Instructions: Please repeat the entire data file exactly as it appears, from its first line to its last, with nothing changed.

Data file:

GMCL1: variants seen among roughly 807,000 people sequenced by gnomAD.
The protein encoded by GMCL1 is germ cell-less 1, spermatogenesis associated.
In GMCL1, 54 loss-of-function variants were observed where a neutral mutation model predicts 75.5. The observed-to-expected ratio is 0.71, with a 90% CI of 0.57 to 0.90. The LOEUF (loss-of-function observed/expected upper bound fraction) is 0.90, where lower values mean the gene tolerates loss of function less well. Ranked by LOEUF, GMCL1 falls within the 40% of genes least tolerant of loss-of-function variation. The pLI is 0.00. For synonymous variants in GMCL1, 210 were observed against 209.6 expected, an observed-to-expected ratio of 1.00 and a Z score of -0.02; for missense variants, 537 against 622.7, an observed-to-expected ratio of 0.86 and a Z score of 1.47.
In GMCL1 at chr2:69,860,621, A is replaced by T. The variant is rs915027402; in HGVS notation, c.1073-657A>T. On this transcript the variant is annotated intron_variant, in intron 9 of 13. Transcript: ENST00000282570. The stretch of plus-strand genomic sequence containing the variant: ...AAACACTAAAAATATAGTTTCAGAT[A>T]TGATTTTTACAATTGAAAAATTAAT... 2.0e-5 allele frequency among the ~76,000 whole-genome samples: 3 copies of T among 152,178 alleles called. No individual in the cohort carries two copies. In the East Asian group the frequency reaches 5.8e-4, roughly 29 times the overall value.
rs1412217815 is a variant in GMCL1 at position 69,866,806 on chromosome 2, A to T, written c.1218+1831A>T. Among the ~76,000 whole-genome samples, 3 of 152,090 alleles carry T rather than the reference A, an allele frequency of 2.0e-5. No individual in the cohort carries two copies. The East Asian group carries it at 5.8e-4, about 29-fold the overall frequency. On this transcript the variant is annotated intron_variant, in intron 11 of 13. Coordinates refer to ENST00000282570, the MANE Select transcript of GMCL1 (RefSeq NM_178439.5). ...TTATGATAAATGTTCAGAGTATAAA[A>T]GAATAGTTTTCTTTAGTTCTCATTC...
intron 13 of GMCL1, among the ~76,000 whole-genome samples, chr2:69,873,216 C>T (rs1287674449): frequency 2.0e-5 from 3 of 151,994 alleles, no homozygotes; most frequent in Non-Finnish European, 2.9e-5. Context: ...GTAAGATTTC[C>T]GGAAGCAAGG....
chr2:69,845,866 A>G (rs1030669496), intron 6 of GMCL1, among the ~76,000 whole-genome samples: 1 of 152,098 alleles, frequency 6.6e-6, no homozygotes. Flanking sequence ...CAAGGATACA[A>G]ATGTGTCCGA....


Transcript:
GMCL1: variants seen among roughly 807,000 people sequenced by gnomAD.
The protein encoded by GMCL1 is germ cell-less 1, spermatogenesis associated.
In GMCL1, 54 loss-of-function variants were observed where a neutral mutation model predicts 75.5. The observed-to-expected ratio is 0.71, with a 90% CI of 0.57 to 0.90. The LOEUF (loss-of-function observed/expected upper bound fraction) is 0.90, where lower values mean the gene tolerates loss of function less well. Ranked by LOEUF, GMCL1 falls within the 40% of genes least tolerant of loss-of-function variation. The pLI is 0.00. For synonymous variants in GMCL1, 210 were observed against 209.6 expected, an observed-to-expected ratio of 1.00 and a Z score of -0.02; for missense variants, 537 against 622.7, an observed-to-expected ratio of 0.86 and a Z score of 1.47.
In GMCL1 at chr2:69,860,621, A is replaced by T. The variant is rs915027402; in HGVS notation, c.1073-657A>T. On this transcript the variant is annotated intron_variant, in intron 9 of 13. Transcript: ENST00000282570. The stretch of plus-strand genomic sequence containing the variant: ...AAACACTAAAAATATAGTTTCAGAT[A>T]TGATTTTTACAATTGAAAAATTAAT... 2.0e-5 allele frequency among the ~76,000 whole-genome samples: 3 copies of T among 152,178 alleles called. No individual in the cohort carries two copies. In the East Asian group the frequency reaches 5.8e-4, roughly 29 times the overall value.
rs1412217815 is a variant in GMCL1 at position 69,866,806 on chromosome 2, A to T, written c.1218+1831A>T. Among the ~76,000 whole-genome samples, 3 of 152,090 alleles carry T rather than the reference A, an allele frequency of 2.0e-5. No individual in the cohort carries two copies. The East Asian group carries it at 5.8e-4, about 29-fold the overall frequency. On this transcript the variant is annotated intron_variant, in intron 11 of 13. Coordinates refer to ENST00000282570, the MANE Select transcript of GMCL1 (RefSeq NM_178439.5). ...TTATGATAAATGTTCAGAGTATAAA[A>T]GAATAGTTTTCTTTAGTTCTCATTC...
intron 13 of GMCL1, among the ~76,000 whole-genome samples, chr2:69,873,216 C>T (rs1287674449): frequency 2.0e-5 from 3 of 151,994 alleles, no homozygotes; most frequent in Non-Finnish European, 2.9e-5. Context: ...GTAAGATTTC[C>T]GGAAGCAAGG....
chr2:69,845,866 A>G (rs1030669496), intron 6 of GMCL1, among the ~76,000 whole-genome samples: 1 of 152,098 alleles, frequency 6.6e-6, no homozygotes. Flanking sequence ...CAAGGATACA[A>G]ATGTGTCCGA....